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RefComm® Galveston 2017 Conference Draws Diverse Crowd

High attendance at the RefComm® Galveston 2017 refinery conference (May 8-12) reflects the industry’s appetite for embracing the latest Best Practices for running primary process units. Against this backdrop, it was no surprise to many of the delegates that running money-making units like the FCC for 5 – 6 years is feasible, but can it be repeated safely at other facilities?

One of the sessions at RefComm® Galveston 2017.

One of the sessions at RefComm® Galveston 2017.

In the interest of safety, the argument can be made that four-year run lengths are more practical, considering that just one key piece of rotating equipment, such as the FCC’s wet gas compressor, can shut down the entire operation, as mentioned by several speakers. Nonetheless, many equipment assets that may be causing problems won’t necessarily lead to an imminent unit shutdown, such as fouled heat exchangers, and can be repaired or replaced at the end-of-run. While none of these paradigms are new to the industry, the “tools” now available to refiners is what makes the narrative more compelling, which is where RefComm® Galveston 2017 serves as a forum for making engineers and operators aware of these tools.

The important take-aways from RefComm revolve around meeting refined product demand with operational improvements that circumvent capital expenditure. This theme was shared by many of the presenters at the Galveston meeting. For example, all the “touch points” worthy of consideration in the normal operation of the FCC, coker and sulfur units were open to discussion.

Depending on technology supplier, there is more than one solution to every operational problem. Take for example, overcoming main air blower (MAB) constraints, several companies presented strategies for overcoming MAB limits, from remote monitoring and proactive maintenance strategies to seasonal solutions that preserve MAB capacity during hot summer time ambient conditions. Case in point: Aggreko, a mobile power solutions provider, presented real results from a West Coast refinery where they resolved MAB constraints without CAPEX.

In this instance, Aggreko’s Advanced Process Services (APS) helped one refiner by taking advantage of its inventory of mechanical chillers to cool down MAB inlet air from hot summer temperatures of 105 °F to almost 60 °F. This 45 degree cool down delivered denser air with higher wt% O2 to the regenerator for efficient coke burn off. This is just one of conference’s many focal points where defining the boundaries around specific challenges such as maximum air utilization, reactor/regenerator pressure balances, main fractionator tower flooding, etc., were at the forefront of operators’ concerns.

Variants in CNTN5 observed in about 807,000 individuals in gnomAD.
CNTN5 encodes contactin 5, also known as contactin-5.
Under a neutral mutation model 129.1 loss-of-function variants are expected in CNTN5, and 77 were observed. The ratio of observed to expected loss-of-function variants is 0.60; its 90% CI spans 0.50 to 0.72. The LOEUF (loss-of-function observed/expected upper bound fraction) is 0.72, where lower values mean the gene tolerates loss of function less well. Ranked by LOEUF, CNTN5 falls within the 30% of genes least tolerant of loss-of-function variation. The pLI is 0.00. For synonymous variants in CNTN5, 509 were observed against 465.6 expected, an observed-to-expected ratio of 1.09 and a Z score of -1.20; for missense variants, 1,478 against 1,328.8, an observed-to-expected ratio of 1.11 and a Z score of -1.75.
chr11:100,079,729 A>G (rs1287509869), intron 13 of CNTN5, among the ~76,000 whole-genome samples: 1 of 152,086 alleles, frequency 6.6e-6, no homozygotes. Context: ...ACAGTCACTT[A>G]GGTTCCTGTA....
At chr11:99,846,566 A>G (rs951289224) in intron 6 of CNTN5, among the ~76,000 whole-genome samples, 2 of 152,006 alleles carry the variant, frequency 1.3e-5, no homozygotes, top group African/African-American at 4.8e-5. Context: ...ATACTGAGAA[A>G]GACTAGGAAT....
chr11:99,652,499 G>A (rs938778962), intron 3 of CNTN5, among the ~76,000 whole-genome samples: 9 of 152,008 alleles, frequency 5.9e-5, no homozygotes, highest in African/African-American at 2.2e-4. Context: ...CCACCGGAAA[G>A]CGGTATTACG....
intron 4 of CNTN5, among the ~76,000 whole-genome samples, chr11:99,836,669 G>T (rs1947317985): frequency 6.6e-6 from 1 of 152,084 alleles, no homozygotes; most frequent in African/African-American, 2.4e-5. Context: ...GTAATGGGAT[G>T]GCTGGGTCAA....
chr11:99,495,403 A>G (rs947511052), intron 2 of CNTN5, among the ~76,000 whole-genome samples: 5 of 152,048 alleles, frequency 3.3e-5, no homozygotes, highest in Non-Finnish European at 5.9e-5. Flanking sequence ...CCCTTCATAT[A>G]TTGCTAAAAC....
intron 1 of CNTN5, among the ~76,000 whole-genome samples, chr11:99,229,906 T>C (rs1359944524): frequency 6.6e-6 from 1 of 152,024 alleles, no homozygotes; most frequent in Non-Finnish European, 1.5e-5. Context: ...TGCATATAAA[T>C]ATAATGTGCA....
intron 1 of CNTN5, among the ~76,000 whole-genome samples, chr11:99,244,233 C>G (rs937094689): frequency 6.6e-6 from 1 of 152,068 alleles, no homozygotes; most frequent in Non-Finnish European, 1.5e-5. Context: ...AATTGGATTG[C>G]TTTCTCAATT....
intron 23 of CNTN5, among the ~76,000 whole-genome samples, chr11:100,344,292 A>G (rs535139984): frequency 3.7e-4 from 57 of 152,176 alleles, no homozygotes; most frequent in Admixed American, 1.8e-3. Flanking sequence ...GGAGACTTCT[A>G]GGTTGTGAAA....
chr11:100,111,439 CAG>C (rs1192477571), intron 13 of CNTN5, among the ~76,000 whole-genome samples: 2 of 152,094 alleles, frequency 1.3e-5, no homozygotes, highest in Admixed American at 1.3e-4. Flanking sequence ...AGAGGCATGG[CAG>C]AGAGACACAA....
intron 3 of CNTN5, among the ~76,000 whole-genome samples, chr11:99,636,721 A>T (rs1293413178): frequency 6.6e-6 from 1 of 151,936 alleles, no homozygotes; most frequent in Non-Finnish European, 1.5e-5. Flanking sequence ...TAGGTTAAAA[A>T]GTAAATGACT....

Other refiners attending the Galveston meeting, after having already invested significant CAPEX, were more concerned with how to best utilize their high complexity assets to meet the plethora of market and regulatory challenges, such as Tier 3 gasoline specifications and the impending IMO 2020 Global Sulfur Cap of 0.5 wt% in marine fuels. The fuel quality targets are achievable from a processing perspective, but the real value to RefComm delegates concerned with these topics are uncovering the best operational strategies to leverage, such as with their hydrotreaters for reducing sulfur below 10 ppm while avoiding octane loss. Going forward, these topics will continue to be relevant and discussed at the October 2 -6 RefComm® Budapest 2017 refinery conference (http://refiningcommunity.com/refcomm-budapest-2017/).

One response to “RefComm® Galveston 2017 Conference Draws Diverse Crowd”

  1. Presentations from RefComm® Galveston 2017 and previous conferences are available at http://refiningcommunity.com/past-presentations/.

    #refcomm

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Posted by: Rene Gonzalez

Rene G Gonzalez is the Director for RefineryOperations.com and contributing editor for DownstreamBusiness.com. As a chemical engineer (Texas A&M University: 1982), Gonzalez has worked in various engineering capacities throughout the energy industry value chain, primarily in refinery processing and operations.

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